The Philippines and Vietnam are set to sign the “Joint Statement on the Establishment of a Strategic Partnership between the Republic of the Philippines and the Socialist Republic of Vietnam” before the end of this year. In the agreement, the two countries will “reaffirm their commitment to resolve territorial and jurisdictional disputes by peaceful means, as well as to the freedom of navigation in and over flight above the SCS (South China Sea) all in accordance with universally recognized principles of international law, including the 1982 United Nations Convention on the Law of the Sea (UNCLOS).” Once the deal has concluded, Vietnam would be the Philippine’s second strategic partner, besides Japan. It is possible that they will choose to sign the deal during the APEC leader’s summit in November, held in Manila.
The announcement of an official strategic partnership follows years of relatively minimal strategic ties between the two South East Asian countries, though they have worked with one another on various ASEAN initiatives. This new partnership is likely the consequence of increasing Chinese aggression in the South China Sea. Each country has spent a considerable effort defending their claims and territories in the region, and could only benefit from further collaboration in maritime affairs with a fellow ASEAN nation.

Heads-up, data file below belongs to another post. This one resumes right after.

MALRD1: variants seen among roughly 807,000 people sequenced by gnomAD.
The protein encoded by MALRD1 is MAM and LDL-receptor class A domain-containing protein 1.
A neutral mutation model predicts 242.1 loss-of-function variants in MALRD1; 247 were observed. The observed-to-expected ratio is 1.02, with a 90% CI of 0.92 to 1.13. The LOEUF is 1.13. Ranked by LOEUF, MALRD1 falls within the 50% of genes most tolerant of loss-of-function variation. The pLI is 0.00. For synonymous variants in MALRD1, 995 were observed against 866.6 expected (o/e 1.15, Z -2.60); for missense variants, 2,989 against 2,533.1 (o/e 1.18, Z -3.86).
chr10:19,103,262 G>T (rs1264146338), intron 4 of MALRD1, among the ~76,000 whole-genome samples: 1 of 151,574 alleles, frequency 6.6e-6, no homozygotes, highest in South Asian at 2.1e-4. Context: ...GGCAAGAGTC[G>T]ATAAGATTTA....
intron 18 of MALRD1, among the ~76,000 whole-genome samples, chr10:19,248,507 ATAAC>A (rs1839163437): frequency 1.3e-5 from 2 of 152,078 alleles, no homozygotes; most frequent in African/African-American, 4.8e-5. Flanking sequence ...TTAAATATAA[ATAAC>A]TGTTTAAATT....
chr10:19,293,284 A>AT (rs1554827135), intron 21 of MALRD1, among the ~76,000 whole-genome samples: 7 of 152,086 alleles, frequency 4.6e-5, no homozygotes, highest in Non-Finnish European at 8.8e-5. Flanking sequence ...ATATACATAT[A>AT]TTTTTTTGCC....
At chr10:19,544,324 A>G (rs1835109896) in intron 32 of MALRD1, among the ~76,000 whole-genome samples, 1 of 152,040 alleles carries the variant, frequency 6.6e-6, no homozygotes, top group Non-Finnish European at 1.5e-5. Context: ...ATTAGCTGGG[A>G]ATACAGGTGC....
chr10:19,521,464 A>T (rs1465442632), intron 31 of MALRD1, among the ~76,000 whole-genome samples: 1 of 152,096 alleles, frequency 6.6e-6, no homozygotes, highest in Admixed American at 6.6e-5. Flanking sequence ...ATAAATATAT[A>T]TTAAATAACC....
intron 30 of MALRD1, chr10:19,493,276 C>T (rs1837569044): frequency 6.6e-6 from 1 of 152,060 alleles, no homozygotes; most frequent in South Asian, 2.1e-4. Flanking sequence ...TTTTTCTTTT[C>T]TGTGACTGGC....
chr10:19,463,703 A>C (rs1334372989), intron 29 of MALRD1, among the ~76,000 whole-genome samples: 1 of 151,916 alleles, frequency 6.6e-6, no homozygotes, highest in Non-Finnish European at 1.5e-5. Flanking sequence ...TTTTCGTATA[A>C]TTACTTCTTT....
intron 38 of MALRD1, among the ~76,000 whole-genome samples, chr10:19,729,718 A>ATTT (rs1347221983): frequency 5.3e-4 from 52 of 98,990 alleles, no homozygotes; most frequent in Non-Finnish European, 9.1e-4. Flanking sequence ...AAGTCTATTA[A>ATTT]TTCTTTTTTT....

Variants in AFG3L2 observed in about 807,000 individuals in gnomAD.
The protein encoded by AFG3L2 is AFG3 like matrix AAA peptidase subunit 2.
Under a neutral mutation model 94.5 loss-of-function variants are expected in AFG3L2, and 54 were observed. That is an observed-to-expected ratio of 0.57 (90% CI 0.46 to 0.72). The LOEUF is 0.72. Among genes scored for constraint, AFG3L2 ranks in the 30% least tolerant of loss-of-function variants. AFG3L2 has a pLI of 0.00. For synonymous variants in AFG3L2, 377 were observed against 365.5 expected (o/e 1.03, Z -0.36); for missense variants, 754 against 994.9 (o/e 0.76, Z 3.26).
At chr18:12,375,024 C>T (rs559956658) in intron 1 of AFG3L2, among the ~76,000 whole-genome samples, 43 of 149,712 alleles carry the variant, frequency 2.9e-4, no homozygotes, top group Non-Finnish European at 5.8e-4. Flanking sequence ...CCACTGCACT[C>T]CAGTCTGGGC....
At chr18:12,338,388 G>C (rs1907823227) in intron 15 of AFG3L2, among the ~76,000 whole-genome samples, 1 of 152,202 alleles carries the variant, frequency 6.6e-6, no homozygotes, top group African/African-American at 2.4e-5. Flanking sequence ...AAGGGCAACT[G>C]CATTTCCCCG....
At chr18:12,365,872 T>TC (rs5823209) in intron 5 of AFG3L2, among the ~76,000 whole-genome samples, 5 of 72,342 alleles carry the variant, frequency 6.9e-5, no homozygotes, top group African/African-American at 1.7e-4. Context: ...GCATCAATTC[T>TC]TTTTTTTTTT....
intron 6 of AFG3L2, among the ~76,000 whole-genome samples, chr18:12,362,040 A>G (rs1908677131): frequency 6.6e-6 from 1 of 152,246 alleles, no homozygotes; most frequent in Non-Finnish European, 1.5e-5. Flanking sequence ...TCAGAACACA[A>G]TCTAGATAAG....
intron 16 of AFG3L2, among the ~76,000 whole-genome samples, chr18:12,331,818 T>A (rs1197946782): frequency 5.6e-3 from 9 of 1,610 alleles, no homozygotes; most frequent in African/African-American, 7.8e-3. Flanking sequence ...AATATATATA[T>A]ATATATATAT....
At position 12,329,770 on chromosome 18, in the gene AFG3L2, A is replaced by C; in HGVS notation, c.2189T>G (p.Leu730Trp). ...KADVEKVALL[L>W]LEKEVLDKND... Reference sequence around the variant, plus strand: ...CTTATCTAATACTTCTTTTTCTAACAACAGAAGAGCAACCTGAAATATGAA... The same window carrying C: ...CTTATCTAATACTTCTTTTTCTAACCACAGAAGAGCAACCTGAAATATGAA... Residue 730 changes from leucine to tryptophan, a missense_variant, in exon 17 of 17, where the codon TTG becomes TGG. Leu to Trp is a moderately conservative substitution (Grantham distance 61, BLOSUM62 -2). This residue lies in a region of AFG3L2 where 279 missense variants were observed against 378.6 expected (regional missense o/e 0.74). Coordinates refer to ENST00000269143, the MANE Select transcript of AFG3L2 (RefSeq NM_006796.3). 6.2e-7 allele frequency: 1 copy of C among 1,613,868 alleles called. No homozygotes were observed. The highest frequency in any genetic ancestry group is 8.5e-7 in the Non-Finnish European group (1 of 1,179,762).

In regards to territories within the South China Sea, they committed to resolves differences in a “constructive manner without resorting to threat or use of force,” and to “exercise self-restraint in the conduct of activities that would complicate or escalate disputes.” The agreement, however, does not mention developments on islands and reefs the Philippines or Vietnam already inhabit.
Once the partnership is officially finalized, it will be interesting to see China’s response. The hope is that the cooperation between these two nations will better enable them to stand up to the regional super power. However, there is always the possibility that such an agreement will only serve to incite further Chinese aggression.